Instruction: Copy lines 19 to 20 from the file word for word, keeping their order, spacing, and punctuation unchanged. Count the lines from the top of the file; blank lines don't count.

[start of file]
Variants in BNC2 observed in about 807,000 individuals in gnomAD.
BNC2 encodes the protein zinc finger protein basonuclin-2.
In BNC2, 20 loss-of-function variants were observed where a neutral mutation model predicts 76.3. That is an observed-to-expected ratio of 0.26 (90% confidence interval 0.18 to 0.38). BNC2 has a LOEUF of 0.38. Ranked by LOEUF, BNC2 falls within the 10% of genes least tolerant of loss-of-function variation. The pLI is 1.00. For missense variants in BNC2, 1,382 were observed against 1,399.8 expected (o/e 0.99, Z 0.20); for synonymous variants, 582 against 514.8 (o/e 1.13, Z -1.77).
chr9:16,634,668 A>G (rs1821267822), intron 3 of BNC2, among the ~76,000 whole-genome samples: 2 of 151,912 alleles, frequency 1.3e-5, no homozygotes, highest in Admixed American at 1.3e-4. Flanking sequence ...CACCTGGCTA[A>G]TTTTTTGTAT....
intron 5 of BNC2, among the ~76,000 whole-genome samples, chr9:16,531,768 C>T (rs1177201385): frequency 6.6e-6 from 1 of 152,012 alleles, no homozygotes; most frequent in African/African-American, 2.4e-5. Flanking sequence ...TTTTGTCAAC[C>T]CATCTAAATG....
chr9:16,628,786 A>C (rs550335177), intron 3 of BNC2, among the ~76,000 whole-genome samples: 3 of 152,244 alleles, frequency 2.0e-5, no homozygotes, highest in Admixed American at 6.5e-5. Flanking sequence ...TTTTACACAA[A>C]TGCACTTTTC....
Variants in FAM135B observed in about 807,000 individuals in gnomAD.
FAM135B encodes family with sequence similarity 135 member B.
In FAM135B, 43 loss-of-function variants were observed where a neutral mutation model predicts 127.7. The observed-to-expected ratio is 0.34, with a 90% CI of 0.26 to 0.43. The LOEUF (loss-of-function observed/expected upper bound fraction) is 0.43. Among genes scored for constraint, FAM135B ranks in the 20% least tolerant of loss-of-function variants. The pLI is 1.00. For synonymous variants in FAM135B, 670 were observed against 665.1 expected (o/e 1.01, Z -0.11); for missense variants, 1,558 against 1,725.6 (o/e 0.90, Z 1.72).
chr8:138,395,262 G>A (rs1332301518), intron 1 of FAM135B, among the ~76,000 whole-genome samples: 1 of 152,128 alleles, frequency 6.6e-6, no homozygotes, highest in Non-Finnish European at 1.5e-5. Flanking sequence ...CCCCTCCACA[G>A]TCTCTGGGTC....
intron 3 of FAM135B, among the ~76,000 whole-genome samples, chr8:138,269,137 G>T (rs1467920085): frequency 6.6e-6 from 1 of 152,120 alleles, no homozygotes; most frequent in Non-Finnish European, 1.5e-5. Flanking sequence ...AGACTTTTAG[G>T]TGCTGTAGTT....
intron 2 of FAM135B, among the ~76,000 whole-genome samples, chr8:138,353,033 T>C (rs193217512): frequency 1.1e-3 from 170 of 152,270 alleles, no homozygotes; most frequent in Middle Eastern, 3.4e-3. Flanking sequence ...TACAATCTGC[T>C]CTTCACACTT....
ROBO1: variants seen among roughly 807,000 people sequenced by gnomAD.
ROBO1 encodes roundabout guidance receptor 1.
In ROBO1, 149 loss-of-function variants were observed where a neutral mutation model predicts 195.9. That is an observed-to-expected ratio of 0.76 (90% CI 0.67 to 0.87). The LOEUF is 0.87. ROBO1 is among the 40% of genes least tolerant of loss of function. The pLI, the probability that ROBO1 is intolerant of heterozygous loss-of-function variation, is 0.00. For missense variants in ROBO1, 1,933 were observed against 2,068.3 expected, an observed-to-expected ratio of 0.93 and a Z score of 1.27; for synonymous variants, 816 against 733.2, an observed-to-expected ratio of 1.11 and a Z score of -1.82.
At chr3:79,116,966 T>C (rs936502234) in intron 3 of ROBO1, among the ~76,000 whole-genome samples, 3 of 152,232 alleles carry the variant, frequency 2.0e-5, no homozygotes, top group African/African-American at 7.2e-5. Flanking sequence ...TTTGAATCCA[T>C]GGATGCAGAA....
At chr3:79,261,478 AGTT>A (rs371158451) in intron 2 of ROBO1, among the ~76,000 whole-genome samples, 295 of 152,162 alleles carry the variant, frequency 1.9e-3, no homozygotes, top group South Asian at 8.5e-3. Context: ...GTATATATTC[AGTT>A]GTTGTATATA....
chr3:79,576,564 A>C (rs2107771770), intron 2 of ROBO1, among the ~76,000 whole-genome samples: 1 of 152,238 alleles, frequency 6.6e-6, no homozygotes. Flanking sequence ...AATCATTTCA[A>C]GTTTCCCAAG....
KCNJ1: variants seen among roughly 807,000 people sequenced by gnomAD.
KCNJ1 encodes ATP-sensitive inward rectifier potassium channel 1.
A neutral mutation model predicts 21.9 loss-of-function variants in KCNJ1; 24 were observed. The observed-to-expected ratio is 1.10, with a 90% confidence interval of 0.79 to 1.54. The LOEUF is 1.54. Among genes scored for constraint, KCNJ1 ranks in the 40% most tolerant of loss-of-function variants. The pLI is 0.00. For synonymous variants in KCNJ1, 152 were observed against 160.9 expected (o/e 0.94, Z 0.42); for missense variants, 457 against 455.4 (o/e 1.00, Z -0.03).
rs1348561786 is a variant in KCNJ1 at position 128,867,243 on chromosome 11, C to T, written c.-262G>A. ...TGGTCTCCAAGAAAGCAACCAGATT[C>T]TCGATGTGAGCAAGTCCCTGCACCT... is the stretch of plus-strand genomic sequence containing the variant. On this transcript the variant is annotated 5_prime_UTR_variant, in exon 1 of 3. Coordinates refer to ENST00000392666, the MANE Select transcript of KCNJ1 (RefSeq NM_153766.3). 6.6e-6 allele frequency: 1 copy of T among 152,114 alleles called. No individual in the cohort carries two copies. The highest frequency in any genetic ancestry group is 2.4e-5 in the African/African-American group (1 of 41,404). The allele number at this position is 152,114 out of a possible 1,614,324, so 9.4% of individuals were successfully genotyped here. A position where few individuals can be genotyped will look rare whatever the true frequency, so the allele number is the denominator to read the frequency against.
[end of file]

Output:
KCNJ1: variants seen among roughly 807,000 people sequenced by gnomAD.
KCNJ1 encodes ATP-sensitive inward rectifier potassium channel 1.